The curse of sanpaku eyes?

By , K24 Digital
On Wed, 20 Mar, 2024 07:00 | 4 mins read
The late Brian Chira. PHOTO/Brian Chira(@chirabrian)Instagram
The late Brian Chira. PHOTO/Brian Chira(@chirabrian)Instagram

From TikTok theories to YouTube videos, the sanpaku eye superstition seems to be all over the internet, especially after the death of TikToker Brian Chira through a tragic road accident.

Literally translated, sanpaku, which originates from Japanese face reading, means “three whites,” which refers to how you can divide up an eye into pieces, with the whites taking up three of the four segments. Sanpaku is when you can see the white of somebody’s eye either above or below the iris.

Former US president John Fitzgerald Kennedy. PHOTO/Biography
Former US president John Fitzgerald Kennedy. PHOTO/Biography

Normally, that’s a pretty unremarkable thing that you might not even be able to pick up on. But according to one Japanese superstition, sanpaku might be a good indicator of your fate.

This superstition really took off in the west during the 60s when Japanese author George Ohsawa began predicting the deaths of famous American figures (Marilyn Monroe, John F Kennedy) based on their eyes. Since then, people have speculated about the connection between sanpaku and one’s fate.

In his 1965 book titled You Are All Sanpaku (published under his pen name Sakurazawa Nyoiti), Ohsawa introduces sanpaku as “a condition of the human eye which presents three white sides or areas around the iris.”

According to Ohsawa, the concept of sanpaku has existed in the realm of Eastern philosophy for millennia and is a sign of physical, spiritual, or physiological imbalance.

People with sanpaku eyes typically fall into one of two categories: yin sanpaku and yang sanpaku. Yin sanpaku eyes is where white sclera can be seen beneath the iris. If you have white visible at the bottom of your eyes, then look out — the world is out to get you.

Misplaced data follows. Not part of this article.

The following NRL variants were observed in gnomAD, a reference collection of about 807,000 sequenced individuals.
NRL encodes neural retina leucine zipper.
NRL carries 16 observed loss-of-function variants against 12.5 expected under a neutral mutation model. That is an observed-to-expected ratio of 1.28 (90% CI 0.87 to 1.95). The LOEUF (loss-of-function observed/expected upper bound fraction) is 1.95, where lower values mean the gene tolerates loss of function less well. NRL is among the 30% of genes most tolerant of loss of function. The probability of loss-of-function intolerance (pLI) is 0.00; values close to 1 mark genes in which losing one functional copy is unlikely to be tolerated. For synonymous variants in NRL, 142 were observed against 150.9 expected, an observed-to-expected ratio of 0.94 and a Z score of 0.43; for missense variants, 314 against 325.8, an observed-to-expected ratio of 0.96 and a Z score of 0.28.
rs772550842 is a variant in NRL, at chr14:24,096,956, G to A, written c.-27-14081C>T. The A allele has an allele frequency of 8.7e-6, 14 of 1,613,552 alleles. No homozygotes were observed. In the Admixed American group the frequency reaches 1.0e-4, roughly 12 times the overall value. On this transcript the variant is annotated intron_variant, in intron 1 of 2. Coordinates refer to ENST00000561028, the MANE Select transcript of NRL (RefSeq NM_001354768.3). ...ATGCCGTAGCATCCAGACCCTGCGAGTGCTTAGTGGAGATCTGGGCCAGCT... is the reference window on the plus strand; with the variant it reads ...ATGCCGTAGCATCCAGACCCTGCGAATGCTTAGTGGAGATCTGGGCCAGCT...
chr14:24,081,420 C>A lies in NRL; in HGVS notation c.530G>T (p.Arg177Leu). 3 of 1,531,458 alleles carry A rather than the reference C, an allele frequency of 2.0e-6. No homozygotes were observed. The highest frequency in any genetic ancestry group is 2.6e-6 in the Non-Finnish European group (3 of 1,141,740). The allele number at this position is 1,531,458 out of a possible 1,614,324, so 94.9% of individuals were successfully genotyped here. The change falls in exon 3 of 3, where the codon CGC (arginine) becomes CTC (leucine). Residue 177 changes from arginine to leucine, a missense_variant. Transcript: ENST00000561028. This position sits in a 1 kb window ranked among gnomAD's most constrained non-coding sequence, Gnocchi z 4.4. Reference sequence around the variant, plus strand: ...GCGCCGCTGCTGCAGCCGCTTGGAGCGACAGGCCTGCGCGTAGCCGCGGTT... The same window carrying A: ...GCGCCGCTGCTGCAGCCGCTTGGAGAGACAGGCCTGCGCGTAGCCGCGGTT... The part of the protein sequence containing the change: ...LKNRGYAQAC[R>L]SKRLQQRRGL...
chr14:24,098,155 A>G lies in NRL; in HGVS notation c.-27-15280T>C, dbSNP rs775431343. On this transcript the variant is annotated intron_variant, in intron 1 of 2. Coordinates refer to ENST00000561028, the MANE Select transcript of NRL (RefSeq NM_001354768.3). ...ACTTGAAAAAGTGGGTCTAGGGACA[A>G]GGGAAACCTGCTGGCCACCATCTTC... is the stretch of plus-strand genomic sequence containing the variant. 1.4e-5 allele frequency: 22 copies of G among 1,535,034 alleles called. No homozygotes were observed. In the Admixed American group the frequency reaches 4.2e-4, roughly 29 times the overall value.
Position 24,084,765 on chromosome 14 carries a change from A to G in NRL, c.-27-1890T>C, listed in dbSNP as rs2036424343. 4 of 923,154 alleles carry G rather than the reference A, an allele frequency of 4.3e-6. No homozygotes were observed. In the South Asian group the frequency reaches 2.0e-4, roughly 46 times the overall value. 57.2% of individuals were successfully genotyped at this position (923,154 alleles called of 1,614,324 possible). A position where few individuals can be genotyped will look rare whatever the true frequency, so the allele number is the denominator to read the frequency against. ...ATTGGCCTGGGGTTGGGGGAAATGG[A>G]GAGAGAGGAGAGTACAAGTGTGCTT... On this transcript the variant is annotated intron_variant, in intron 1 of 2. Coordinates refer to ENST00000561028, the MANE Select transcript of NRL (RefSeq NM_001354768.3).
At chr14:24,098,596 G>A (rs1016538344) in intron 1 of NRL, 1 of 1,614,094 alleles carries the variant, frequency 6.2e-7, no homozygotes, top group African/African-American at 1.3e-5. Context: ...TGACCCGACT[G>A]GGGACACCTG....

This condition, supposedly means that you are in danger from the outside world. These people are more likely to run into some sort of danger, either at someone else’s hands or their own. People with this type of sanpaku are supposedly more likely to get involved with drugs or alcohol or otherwise face a tragic death.Celebrities such as Princess Diana, John F Kennedy, Abraham Lincoln, Marilyn Monroe, Jim Morrison, Elvis Presley, and Audrey Hepburn are infamously known for having yin sanpaku eyes.

Those with yang sanpaku have sclera that’s visible above the iris. While whites below the eyes supposedly means that the outside world is a danger to you, above the eyes means that the inside world is a danger to you — that is you’re unable to control your emotions and it leads you to do terrible, terrible things.

People with yang sanpaku are more likely to be perpetrators of tragedy and violence. As far as superstition goes, people with visible white above their eyes are often violent towards others. Murderous cult leader Charles Manson is an infamous example of yang sanpaku eyes.

The science side